8. END, MEANS, INTENT Which is the most important, morally?
a) The intent (the choice to do something or the will).
b) The means (the way something is done).
c) The ends (the results from the action).
d) None of them are significantly more important than the others.
e) Doesn't matter/Dislike all answer choices
What priority do you place on your selection above? High Medium Low
Not much explanation needed here. The crucial thing is that I think moral virtue means the capacity to deliver*. The person who always means well but can't come across isn't quite morally useless but they will be if they don't change soon.
*Incidentally, one of the most significant shifts in moral philosophy to come with the Enlightenment was the shift away from results to intent. You can see it in what are probably the two most famous lines ever written about moral goods:
“It is impossible to think of anything at all in the world, or indeed even beyond it, that could be considered good without limitation except a good will.” Immanuel Kant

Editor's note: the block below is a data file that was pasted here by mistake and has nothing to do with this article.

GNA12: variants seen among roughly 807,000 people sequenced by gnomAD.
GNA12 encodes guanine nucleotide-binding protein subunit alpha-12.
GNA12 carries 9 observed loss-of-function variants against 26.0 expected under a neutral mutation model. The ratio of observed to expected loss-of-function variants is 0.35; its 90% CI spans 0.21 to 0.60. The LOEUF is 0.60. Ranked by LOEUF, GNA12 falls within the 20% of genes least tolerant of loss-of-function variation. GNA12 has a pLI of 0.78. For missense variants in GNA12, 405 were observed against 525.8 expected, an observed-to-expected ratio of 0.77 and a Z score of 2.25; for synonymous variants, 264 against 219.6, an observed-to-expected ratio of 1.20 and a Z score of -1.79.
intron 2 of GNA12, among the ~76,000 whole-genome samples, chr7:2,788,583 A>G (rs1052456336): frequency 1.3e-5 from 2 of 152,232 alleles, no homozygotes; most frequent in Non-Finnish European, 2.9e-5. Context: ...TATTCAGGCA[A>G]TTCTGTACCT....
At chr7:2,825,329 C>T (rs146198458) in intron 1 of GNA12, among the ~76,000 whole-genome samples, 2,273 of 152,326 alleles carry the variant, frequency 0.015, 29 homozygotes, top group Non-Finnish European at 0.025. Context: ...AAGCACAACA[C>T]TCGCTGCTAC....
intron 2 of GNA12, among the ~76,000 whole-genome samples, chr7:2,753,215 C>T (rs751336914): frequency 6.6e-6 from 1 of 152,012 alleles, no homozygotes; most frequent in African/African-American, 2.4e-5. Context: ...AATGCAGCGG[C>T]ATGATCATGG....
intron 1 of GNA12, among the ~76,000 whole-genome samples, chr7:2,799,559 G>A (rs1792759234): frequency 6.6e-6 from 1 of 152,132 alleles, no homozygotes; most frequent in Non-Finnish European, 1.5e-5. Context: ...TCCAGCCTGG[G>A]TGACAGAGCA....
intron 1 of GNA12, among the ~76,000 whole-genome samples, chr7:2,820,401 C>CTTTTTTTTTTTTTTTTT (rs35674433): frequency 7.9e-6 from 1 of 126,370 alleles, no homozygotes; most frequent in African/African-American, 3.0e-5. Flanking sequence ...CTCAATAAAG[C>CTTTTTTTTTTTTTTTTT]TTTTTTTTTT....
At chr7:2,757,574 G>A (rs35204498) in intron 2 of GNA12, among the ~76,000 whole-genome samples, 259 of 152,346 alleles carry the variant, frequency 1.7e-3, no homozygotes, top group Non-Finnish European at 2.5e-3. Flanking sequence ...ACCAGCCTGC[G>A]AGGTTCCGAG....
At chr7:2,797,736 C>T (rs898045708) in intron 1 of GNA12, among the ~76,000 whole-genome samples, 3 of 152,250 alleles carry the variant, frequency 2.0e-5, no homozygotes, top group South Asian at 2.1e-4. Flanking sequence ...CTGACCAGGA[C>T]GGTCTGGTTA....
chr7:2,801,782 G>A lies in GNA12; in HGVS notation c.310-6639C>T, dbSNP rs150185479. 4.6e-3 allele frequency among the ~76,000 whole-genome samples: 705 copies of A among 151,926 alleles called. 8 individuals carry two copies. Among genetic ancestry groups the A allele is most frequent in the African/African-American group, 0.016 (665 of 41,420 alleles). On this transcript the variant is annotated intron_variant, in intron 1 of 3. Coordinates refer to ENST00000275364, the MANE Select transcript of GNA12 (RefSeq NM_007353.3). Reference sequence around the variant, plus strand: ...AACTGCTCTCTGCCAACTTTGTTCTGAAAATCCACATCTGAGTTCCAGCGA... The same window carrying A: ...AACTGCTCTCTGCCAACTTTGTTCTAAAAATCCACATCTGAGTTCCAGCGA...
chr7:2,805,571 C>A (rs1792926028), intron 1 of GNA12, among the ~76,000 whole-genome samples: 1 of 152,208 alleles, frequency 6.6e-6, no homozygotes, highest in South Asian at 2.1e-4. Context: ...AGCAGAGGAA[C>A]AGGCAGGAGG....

“Every art and every inquiry, and similarly every action and pursuit, is thought to aim at some good and for this reason the good has rightly been declared to be that at which all things aim.” Aristotle
And there you have about as important contrast as you will find in moral thinking. Lots of people didn't like Kant's answer but virtually all moral philosophy since Kant has taken his side on this. One very notable exception is Nietzsche who does good work shredding the Enlightenment view. (Interestingly enough, Nietzsche does this in an attempt to save the day for Enlightenment ideals.